How to create and secure an HR budget: Key points

budget, human resources, strategy, strategy planning, recruitment strategy

“who wishes to fight must first count the cost”
― Sun Tzu

I recently opened a new topic category on the blog called „Strategy“ because I noticed I haven’t really been writing about that aspect (mostly because I, myself, didn’t experience it yet). Many other HR topics in the articles I wrote have structure, organized activities and thoroughly planned schedules (if not, it sure was the intention). The best topic to start this new category is with creating a basic budget needs for your HR department. More than any other activity, creating the budget is an essential part of managing, not just HR, but any department in a company because it’s a starting point of making  strategic, well-planned activities for the whole year. You need to allocate financial resources into each of the HR topics so you know exactly how, when and for what you would spend a random amount of funds on whatever topic is in question. Budget planning directly correlates to overall financial health of the department and organization. What steps should you take to create a balanced and effective budget for the whole year? What makes you sure you allocate enough resources into a random HR topic? Let’s dive into it.

Careful thought and tactics to successful budget

Understand the overall strategy and the goal of the company

Before you make any decision, an HR leader has to know the business goals of the company, some kind of metrics which would help them prepare the necessary activities to achieve those metrics. For example, if the goal is to employ fifty new people in the current year, an HR leader would know how much costs to allocate for recruitment, salary compensation and even employer branding activities to attract that much workforce. A business goal could also be the retention of the employees so additional cost allocation could go to some new benefits or any other suggested, strategic activity which help retain existing employees.

Learn from past year(s)

To make sure you don’t make the same mistakes or even just compare the last year’s goals to the current ones, it’s easy to spot how much allocation was missed or increased without the actual need. Some allocations for different categories can be influenced by SWOT analysis, exit interviews or even the current labor market trends. It’s important to put all that into equation so the final numbers are as precise as possible.

Many activities to reaching a goal

Create contingency spending

Since the precision of the costs is controlled by many different aforementioned aspects, it’s really important that the allocated budget for each category has an emergency spending amount which can be used for „rainy days“. Of course, it’s not something to rely on but rather create security for events not in our control, which impact our results in HR activities.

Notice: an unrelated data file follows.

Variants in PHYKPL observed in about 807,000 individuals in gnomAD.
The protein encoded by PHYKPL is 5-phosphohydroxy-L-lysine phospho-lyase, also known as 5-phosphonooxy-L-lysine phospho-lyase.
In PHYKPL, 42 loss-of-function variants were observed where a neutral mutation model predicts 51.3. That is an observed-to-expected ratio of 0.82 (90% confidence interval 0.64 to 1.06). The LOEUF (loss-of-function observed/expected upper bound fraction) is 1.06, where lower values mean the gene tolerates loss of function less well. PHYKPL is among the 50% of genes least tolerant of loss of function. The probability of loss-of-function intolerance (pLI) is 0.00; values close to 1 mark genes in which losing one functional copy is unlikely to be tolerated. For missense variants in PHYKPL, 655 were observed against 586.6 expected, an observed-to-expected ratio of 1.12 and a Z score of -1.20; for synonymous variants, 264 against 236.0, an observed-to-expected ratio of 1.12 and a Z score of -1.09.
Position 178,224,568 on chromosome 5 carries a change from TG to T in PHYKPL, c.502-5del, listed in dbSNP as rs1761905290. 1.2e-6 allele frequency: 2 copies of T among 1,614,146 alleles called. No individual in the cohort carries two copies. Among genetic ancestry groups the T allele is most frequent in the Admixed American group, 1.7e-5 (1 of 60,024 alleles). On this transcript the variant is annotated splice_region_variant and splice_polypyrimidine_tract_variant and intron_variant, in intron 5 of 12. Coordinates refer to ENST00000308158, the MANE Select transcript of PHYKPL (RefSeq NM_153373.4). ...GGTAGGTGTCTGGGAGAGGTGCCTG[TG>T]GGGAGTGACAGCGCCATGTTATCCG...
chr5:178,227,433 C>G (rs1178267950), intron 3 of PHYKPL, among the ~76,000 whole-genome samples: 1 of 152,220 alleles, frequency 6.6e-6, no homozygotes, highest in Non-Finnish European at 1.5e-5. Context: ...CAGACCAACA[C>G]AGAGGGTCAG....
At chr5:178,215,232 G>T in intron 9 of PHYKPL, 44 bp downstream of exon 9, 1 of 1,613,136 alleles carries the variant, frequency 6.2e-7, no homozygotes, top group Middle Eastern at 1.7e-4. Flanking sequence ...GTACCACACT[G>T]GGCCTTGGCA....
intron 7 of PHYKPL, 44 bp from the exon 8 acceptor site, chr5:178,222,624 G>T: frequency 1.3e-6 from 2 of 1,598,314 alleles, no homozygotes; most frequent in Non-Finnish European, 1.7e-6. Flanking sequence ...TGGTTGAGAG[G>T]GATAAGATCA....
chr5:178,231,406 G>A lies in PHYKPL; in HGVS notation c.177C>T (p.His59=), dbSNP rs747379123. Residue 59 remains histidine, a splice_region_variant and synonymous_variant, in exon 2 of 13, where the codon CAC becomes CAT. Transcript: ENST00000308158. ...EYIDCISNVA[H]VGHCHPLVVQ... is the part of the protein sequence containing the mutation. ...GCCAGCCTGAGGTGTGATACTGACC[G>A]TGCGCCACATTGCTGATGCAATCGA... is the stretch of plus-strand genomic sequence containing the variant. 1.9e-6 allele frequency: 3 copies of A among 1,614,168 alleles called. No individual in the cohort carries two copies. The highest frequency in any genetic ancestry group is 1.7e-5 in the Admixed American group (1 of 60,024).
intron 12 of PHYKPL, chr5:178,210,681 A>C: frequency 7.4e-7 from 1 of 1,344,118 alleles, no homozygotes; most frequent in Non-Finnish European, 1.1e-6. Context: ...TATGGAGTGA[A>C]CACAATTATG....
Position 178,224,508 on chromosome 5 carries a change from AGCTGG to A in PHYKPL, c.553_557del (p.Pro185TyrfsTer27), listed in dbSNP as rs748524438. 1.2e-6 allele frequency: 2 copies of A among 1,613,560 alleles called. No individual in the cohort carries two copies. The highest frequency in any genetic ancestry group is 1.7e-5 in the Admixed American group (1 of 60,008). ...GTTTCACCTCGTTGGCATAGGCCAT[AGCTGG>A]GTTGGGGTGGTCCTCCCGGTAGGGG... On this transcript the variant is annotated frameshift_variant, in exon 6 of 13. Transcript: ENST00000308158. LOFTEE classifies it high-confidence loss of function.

Monitoring and reallocation

It’s important to track the spending we make in the whole budget. If for whatever reason you have more costs for a category in which you allocated less funds than needed, it’s beneficial to offset that amount from a different category. The key here is that the transfer has to be marked by decreasing the same amount from which the same was taken.

Create control

Preparation and presentation for the board

The final key here is to get that budget approved by the board. It’s very important that the budget, when the planning is done, is well presented with concise and clear form such as a chart in an excel sheet or a good powerpoint presentation. Each category’s spending should be numbered in details and have a corresponding argument on why exactly it’s good for achieving the business goal. It might also be beneficial  to present on why it wouldn’t be a good idea to not have such costs covered, to make a stronger case.


A well-crafted budget creates the main opportunity to reach the business goal a company presents to HR or any other department. It secures the optimal amount of activities which can be executed to support the companies’ needs. Control of spending and the right judgment on when and how much to spend on a particular activity is vital for the overall long-term strategy. The prediction on how much funds is enough is never easy and rarely spot-on but this is why the contingency spending is incorporated to evade such situations if they arise. The approval of the overall budget is as guaranteed as the one’s explanation and presentation on why the company needs a certain amount of funds for whichever category. If the argumentation is well-presented, there is a higher chance the board will approve it.

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